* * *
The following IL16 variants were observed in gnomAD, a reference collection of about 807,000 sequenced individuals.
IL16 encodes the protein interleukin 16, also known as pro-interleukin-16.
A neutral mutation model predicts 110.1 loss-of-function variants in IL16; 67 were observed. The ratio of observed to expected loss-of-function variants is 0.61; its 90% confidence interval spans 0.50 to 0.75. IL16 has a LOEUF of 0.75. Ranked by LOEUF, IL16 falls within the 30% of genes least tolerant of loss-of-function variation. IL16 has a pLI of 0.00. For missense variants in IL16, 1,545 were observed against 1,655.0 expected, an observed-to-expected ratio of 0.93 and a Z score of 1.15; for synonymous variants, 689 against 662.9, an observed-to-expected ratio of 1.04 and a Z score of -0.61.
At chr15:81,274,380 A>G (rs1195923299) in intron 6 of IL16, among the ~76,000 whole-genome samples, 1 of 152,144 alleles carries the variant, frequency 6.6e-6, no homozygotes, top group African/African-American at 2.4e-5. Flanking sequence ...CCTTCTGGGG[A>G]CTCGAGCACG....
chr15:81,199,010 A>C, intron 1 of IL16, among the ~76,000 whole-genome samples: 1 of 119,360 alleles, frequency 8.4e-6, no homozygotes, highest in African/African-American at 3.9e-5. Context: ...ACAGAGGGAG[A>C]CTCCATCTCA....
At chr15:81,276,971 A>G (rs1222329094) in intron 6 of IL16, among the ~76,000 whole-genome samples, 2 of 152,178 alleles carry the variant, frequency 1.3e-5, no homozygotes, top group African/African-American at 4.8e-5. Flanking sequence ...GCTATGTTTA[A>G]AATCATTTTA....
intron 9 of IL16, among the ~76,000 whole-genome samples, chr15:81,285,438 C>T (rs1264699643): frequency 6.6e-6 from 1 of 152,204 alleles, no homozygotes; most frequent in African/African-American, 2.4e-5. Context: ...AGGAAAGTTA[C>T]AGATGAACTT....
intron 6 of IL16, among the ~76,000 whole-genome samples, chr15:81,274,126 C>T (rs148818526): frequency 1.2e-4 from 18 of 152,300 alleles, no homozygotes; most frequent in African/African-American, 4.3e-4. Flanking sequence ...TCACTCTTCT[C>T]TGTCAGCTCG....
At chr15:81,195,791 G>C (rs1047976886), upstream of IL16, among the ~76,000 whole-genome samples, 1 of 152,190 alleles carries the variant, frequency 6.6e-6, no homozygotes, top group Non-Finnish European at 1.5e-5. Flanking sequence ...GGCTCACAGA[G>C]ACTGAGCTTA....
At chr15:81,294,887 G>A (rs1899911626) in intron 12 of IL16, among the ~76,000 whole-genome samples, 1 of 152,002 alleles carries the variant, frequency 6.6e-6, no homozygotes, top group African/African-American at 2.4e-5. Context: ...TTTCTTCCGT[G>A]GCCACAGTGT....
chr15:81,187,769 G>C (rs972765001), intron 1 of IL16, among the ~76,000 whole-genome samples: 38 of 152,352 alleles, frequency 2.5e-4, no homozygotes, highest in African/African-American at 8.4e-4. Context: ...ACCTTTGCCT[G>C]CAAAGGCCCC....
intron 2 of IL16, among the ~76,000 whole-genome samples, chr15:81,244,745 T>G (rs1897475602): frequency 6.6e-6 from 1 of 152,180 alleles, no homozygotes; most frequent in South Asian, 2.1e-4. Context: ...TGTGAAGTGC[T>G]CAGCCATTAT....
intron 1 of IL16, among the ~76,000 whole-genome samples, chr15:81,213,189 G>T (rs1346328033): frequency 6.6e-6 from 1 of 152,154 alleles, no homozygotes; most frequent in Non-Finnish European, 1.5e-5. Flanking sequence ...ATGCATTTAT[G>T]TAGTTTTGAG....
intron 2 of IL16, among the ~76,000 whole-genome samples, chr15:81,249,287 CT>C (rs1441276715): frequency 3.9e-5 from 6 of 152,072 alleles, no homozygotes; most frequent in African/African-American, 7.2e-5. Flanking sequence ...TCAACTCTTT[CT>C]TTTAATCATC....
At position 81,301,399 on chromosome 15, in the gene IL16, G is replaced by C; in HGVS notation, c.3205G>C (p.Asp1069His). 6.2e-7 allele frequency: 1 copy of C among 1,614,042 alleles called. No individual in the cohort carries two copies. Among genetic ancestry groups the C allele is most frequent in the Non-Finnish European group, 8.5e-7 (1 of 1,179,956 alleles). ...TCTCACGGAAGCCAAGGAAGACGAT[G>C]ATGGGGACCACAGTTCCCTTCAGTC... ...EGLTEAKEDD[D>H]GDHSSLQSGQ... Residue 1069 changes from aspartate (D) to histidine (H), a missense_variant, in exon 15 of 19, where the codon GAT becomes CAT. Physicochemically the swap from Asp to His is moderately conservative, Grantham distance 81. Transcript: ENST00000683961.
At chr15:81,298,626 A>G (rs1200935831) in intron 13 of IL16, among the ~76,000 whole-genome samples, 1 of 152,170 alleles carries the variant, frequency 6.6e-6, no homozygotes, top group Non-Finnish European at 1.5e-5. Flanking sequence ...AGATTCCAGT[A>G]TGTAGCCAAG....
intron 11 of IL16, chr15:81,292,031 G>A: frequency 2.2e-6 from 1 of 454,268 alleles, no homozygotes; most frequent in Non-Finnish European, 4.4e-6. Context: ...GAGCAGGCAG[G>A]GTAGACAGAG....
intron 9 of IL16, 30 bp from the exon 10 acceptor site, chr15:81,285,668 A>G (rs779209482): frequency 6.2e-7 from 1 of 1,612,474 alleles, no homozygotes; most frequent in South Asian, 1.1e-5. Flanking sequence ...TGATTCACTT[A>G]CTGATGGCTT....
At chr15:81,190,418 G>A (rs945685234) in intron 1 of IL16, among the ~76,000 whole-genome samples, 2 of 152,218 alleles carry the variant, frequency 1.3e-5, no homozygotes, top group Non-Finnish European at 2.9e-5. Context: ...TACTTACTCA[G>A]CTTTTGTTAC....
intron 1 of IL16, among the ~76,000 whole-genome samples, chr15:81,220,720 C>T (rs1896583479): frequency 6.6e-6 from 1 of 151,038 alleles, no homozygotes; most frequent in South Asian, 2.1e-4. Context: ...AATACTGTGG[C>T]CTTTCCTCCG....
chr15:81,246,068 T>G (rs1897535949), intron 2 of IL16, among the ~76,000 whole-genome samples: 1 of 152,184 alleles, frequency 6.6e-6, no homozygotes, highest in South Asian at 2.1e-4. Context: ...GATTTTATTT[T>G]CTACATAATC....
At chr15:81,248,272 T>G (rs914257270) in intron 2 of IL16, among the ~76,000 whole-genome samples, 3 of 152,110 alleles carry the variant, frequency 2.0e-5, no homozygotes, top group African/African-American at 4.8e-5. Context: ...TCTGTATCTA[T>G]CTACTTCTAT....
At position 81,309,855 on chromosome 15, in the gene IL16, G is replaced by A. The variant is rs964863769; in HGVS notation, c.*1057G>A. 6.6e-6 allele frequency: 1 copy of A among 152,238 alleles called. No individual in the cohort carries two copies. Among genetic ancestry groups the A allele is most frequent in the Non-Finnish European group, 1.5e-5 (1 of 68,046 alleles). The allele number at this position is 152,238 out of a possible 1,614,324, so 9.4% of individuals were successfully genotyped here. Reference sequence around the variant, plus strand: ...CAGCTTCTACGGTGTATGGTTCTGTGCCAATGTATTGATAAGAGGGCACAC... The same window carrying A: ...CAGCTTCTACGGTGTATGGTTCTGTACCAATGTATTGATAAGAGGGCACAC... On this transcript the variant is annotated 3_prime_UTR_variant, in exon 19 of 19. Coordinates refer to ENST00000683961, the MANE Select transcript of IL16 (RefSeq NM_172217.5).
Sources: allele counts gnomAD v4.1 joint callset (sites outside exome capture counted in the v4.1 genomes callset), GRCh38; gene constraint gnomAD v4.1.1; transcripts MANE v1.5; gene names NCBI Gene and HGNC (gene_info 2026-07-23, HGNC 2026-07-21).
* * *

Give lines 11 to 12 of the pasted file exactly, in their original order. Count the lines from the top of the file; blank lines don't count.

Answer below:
chr15:81,187,769 G>C (rs972765001), intron 1 of IL16, among the ~76,000 whole-genome samples: 38 of 152,352 alleles, frequency 2.5e-4, no homozygotes, highest in African/African-American at 8.4e-4. Context: ...ACCTTTGCCT[G>C]CAAAGGCCCC....
intron 2 of IL16, among the ~76,000 whole-genome samples, chr15:81,244,745 T>G (rs1897475602): frequency 6.6e-6 from 1 of 152,180 alleles, no homozygotes; most frequent in South Asian, 2.1e-4. Context: ...TGTGAAGTGC[T>G]CAGCCATTAT....